Growing Farm to Hospital
A growing number of hospitals are shifting the way they think about protecting and improving health, and taking a closer look at how and where the food they serve is grown. This is great news for the people who receive treatment, work at and visit the hospitals, but it’s also great news for local, sustainable farmers, and could become an important infrastructure pillar in building stronger local food systems.
We’ve just put the finishing touches on a two-year assessment (funded by a North Central Region Sustainable Agriculture Research and Education grant) of the current and potential health care food markets for North Central region sustainable farmers. We collaborated with three health systems (Fairview Health Services, Hudson Hospital and Clinics, and the VA Medical Center in St. Cloud, Minnesota) and an advisory committee of farmers, hospital representatives and food systems experts to gather and analyze data to provide insights into opportunities for and roadblocks to hospital sourcing of more local, sustainably produced food.
Farm to Hospital is more complicated than it might sound at first. Limited hospital resources and the complexity of food purchase contracts and agreements at many hospitals have prevented farmers from accessing this market in any significant way to date. To help hospitals and farmers navigate some of these roadblocks, we’ve just released two region-specific reports—one aimed at hospitals and one aimed at farmers—detailing our project findings. We’ve also published a collection of Farm-to-Hospital toolkits and appendices containing resources designed to help North Central region hospitals maximize purchase of produce, meat and other products from sustainable farmers and producers, especially those in nearby communities. Likewise, there are tools to help sustainable farmers and producers to sell their products to hospitals. Find all of these resources on www.iatp.org/farm-to-hospital. Further, we’ve provided each of our hospital partners with customized “road maps” to aid their efforts in procuring local, sustainable food.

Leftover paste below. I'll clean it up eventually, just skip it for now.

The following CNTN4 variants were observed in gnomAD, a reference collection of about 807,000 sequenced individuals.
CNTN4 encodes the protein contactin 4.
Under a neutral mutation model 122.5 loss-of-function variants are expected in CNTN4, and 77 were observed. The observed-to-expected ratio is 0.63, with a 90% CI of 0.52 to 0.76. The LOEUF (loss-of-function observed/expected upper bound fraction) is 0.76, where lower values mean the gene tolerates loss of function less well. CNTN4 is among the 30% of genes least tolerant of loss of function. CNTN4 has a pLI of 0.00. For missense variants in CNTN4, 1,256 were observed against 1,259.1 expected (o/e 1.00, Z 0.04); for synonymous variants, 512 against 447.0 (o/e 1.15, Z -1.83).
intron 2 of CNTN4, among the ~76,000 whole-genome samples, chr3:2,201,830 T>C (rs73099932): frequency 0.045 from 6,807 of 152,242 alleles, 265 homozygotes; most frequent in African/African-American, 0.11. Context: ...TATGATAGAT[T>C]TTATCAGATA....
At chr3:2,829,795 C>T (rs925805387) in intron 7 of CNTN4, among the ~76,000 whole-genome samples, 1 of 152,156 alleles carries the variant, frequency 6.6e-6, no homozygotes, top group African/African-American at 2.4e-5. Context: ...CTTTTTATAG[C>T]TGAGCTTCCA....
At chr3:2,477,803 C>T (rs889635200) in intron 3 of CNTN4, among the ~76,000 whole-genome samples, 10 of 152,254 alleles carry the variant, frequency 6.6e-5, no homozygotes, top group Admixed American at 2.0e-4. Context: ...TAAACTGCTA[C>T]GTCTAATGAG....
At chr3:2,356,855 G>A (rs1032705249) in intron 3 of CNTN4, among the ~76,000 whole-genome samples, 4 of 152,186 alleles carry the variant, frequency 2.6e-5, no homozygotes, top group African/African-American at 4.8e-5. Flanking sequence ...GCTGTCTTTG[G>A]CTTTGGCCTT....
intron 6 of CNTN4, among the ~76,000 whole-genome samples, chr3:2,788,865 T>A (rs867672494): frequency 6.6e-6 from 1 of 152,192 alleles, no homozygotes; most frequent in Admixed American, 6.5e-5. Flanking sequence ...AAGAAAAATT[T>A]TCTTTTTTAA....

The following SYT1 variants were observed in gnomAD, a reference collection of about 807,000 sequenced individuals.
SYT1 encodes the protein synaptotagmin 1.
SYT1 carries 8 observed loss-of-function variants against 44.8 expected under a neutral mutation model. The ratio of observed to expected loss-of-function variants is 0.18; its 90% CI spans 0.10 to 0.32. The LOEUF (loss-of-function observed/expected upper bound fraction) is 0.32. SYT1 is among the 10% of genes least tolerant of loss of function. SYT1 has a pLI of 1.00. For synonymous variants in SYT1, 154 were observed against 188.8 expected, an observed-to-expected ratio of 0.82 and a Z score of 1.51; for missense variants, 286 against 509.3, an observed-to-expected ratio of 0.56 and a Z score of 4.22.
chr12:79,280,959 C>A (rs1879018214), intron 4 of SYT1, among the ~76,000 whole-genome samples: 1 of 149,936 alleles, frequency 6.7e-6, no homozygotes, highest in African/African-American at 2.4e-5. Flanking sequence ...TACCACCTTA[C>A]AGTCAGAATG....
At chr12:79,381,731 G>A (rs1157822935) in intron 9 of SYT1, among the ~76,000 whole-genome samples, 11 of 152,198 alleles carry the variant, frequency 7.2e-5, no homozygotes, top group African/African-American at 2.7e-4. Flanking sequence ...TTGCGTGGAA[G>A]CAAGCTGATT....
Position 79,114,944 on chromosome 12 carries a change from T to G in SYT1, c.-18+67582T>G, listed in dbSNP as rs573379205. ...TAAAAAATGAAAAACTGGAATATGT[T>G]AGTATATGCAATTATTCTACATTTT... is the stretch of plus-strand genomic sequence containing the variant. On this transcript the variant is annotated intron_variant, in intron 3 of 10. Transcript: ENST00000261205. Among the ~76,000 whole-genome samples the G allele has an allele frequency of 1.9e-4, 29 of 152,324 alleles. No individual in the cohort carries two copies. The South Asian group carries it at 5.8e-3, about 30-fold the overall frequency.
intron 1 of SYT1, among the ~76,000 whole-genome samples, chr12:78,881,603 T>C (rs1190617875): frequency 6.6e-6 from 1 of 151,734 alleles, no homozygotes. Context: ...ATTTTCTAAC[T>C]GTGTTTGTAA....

To help build stronger local food systems that work for farmers and the community, we’re going to need institutions with significant purchasing power to step up. Hospitals and schools that already serve local communities can be an important first step of building a healthier, more sustainable and resilient local food system!
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